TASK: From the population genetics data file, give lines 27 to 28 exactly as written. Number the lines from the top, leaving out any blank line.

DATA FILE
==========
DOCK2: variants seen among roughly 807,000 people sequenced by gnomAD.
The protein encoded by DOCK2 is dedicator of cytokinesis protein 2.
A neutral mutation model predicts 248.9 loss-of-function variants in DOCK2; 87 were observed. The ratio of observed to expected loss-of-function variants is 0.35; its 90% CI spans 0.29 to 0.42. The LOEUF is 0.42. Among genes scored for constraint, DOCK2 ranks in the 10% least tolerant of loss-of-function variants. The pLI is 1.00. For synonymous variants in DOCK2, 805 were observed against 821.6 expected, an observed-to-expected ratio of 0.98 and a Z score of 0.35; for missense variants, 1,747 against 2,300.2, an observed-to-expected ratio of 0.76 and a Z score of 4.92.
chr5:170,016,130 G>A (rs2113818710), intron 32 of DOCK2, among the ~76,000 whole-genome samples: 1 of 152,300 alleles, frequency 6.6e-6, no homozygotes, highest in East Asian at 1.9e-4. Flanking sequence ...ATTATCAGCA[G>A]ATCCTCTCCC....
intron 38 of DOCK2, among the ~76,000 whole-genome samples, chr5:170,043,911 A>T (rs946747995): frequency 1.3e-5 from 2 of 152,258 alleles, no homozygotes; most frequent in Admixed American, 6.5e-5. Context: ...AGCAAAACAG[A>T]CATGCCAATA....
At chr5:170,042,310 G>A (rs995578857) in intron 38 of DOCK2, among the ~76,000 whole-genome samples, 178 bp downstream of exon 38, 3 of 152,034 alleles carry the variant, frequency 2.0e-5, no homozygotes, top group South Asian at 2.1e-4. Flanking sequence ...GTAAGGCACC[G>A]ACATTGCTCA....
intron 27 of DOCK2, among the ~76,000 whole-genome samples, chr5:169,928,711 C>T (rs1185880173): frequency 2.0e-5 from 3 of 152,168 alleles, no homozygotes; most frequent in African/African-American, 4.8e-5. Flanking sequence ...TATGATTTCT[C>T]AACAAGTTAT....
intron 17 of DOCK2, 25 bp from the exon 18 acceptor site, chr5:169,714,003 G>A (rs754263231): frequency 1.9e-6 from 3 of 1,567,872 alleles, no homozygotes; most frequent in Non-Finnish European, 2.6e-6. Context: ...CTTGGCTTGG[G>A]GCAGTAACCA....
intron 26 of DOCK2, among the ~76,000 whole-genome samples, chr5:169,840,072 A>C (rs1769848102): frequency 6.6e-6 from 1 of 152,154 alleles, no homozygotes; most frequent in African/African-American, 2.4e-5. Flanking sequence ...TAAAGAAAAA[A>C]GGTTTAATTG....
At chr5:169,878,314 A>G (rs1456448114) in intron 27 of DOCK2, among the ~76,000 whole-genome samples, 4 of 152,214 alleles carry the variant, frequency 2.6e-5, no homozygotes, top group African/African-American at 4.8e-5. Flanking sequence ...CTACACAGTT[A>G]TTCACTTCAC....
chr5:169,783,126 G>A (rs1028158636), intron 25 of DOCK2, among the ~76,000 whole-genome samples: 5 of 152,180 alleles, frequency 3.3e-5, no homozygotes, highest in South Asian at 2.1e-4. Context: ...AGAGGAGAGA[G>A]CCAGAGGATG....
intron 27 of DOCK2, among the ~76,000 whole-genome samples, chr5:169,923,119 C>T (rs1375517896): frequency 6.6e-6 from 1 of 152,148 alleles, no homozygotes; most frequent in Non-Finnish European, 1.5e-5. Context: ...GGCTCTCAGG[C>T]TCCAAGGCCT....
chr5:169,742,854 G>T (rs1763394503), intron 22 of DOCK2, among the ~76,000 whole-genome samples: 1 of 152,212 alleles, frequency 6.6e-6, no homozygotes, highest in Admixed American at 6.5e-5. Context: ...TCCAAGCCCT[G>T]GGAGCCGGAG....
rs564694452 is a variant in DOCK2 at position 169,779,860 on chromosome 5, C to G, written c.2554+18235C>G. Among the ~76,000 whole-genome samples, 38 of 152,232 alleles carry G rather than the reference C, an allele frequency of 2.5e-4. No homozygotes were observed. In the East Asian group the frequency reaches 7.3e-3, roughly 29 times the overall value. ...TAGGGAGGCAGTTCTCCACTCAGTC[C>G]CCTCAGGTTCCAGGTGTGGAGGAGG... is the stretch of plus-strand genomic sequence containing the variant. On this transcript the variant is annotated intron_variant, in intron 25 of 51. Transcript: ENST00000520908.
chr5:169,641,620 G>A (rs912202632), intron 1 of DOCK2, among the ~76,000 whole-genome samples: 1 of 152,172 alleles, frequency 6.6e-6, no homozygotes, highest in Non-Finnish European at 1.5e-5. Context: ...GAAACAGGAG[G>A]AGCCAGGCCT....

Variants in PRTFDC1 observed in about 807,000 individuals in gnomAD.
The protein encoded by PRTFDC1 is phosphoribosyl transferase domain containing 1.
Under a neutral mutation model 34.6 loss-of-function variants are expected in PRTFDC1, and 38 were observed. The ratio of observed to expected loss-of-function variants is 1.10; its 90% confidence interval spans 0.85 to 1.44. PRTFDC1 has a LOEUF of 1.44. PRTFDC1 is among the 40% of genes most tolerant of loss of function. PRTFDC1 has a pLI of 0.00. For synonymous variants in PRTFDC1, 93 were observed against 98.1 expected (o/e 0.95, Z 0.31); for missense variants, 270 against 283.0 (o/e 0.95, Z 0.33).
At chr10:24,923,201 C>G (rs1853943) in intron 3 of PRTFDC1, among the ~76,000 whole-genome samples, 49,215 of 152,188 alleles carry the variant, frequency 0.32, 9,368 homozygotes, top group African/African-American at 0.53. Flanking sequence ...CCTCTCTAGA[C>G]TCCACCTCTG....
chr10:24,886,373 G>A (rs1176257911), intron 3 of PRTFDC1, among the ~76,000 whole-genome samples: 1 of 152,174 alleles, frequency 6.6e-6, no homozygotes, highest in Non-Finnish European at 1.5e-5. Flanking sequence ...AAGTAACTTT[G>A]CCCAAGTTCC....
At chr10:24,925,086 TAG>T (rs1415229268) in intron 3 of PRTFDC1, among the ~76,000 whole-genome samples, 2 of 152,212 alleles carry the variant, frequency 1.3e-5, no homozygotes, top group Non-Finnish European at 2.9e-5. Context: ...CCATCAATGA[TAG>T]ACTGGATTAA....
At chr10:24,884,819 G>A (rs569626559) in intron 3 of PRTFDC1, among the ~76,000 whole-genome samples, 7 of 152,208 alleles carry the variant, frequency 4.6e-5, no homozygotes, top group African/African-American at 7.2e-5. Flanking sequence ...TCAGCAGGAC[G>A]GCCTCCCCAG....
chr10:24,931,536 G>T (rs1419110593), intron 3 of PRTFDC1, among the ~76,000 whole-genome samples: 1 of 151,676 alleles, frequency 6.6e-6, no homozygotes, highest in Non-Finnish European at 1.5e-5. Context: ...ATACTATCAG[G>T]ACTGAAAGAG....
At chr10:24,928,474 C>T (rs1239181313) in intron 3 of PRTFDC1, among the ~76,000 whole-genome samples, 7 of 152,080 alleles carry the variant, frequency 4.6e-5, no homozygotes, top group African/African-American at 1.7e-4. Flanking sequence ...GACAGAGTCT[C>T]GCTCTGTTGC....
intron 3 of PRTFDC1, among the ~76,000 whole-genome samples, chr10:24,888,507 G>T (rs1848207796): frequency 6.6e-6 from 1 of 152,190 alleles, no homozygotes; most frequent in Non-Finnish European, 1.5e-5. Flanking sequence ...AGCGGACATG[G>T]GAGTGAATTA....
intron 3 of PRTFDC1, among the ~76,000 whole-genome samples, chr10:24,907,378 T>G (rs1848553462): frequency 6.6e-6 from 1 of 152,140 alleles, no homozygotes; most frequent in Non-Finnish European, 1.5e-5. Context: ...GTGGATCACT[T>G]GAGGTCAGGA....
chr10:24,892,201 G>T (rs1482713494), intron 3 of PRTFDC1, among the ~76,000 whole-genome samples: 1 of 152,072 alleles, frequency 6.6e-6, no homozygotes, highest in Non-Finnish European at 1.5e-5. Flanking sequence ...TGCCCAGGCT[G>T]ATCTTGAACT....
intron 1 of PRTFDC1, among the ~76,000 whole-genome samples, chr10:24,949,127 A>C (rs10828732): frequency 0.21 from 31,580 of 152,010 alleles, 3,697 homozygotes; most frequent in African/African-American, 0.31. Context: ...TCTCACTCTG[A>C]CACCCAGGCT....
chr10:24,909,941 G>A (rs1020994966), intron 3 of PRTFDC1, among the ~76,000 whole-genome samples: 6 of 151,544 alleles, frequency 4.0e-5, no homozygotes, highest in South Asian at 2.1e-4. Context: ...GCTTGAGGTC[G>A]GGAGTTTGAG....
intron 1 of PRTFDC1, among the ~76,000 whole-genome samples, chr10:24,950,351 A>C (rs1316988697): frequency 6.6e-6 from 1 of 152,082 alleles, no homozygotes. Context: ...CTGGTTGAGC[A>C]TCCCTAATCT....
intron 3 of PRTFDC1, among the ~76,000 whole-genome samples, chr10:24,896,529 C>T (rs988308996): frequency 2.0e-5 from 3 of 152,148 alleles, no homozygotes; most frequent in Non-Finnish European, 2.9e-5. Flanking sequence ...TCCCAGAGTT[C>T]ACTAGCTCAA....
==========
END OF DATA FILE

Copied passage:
chr10:24,892,201 G>T (rs1482713494), intron 3 of PRTFDC1, among the ~76,000 whole-genome samples: 1 of 152,072 alleles, frequency 6.6e-6, no homozygotes, highest in Non-Finnish European at 1.5e-5. Flanking sequence ...TGCCCAGGCT[G>T]ATCTTGAACT....
intron 1 of PRTFDC1, among the ~76,000 whole-genome samples, chr10:24,949,127 A>C (rs10828732): frequency 0.21 from 31,580 of 152,010 alleles, 3,697 homozygotes; most frequent in African/African-American, 0.31. Context: ...TCTCACTCTG[A>C]CACCCAGGCT....